This balanced, mainstream, beautifully written and totally up-to-date text is unrivalled in its ability to get students to see the connection between themselves and the social world. It teaches students how to think sociologically, not just what to think, and emphasizes the importance of diversity and a global perspective. It has been heralded for its inclusion of pop culture examples that instantly connect with today's students, and for its presentation of sociological concepts in a fresh, contemporary light.
Robert Brym (pronounced "brim") was born in Saint John, New Brunswick, studied sociology in Canada and Israel, and received his Ph.D. from the University of Toronto, where he is now the S. D. Clark Professor of Sociology and Associate Chair (Undergraduate) of the Department of Sociology. Bob's research focuses on the social bases of politics and social movements in Canada, Russia, and the Middle East. His most recent book is Sociology as a Life or Death Issue, Third Canadian Edition (Toronto: Nelson Education, 2014). He is now conducting research on violence and intolerance in the Middle East and North Africa. Bob is a Fellow of the Royal Society of Canada and has won several awards for his research and teaching, including the Northrop Frye Award and the University of Toronto's highest teaching honour, the President's Teaching Award. Sociology: Your Compass for a New World has been published in Canadian, Quebecois, American, Brazilian, and Australian editions.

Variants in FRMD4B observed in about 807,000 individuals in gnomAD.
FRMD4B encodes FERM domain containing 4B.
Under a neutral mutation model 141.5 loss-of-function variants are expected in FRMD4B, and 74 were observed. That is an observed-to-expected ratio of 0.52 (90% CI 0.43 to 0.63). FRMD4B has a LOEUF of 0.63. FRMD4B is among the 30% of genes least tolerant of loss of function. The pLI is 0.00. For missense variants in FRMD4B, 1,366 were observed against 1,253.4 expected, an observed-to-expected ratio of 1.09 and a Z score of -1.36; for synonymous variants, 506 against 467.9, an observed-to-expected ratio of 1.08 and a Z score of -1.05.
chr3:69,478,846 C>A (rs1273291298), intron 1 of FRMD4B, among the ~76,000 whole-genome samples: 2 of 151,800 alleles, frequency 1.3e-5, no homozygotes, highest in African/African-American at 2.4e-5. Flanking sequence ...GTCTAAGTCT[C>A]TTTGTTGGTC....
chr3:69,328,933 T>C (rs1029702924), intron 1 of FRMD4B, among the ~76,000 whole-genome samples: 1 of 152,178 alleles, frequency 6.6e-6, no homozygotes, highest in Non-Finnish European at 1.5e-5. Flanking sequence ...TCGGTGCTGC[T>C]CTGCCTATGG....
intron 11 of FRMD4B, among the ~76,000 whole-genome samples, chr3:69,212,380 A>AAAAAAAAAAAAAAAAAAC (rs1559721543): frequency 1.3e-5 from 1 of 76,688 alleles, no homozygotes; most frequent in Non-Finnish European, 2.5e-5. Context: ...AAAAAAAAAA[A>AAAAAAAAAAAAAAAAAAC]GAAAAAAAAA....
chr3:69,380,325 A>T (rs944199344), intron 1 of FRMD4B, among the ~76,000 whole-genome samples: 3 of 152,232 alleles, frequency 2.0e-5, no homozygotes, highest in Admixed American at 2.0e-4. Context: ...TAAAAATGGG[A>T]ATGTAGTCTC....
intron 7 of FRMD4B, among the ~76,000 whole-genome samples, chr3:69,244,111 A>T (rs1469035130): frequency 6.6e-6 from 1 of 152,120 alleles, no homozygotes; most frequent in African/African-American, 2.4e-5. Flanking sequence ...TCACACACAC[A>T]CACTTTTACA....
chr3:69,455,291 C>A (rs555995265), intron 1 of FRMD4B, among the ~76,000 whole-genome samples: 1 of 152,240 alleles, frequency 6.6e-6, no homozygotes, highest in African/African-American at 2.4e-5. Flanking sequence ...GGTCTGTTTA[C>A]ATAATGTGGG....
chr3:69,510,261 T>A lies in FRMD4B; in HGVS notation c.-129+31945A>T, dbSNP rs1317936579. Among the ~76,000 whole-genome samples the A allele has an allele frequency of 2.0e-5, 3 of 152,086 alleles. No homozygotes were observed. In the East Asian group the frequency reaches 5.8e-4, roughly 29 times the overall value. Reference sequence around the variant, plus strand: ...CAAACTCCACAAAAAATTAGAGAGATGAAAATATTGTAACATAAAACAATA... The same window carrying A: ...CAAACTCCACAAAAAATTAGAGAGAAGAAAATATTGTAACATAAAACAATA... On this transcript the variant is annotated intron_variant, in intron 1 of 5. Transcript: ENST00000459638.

John Lie (pronounced "lee") was born in South Korea, grew up in Japan and Hawaii, and received his A.B., A.M., and Ph.D. degrees from Harvard University. His main interests are in social theory and political economy. Currently, he is the C. K. Cho Professor of Sociology at the University of California, Berkeley, where he previously served as the Dean of International and Area Studies. His recent publications include Zainichi (Koreans in Japan) (Berkeley: University of California Press, 2008) and Modern Peoplehood: On Race, Racism, Nationalism, Ethnicity, and Identity, paperback ed. (Berkeley: University of California Press, 2011).
PART I: FOUNDATIONS. 1. A Sociological Compass. 2. How Sociologists Do Research. PART II: BASIC SOCIAL PROCESSES. 3. Culture. 4. Socialization. 5. Social Interaction. 6. Social Collectivities: From Groups to Societies. PART III: INEQUALITY. 7. Deviance and Crime. 8. Stratification: United States and Global Perspectives. 9. Globalization, Inequality, and Development. 10. Race and Ethnicity. 11 Sexuality and Gender. 12. Sociology of the Body: Disability, Aging and Death. PART IV: INSTITUTIONS. 13. Work and the Economy. 14. Politics. 15. Families. 16. Religion. 17. Education. 18. The Mass Media. 19. Health and Medicine. PART V: SOCIAL CHANGE. 20. Population and Urbanization. 21. Collective Action and Social Movements. 22. Technology and the Global Environment. Glossary. References. Credits. Indexes.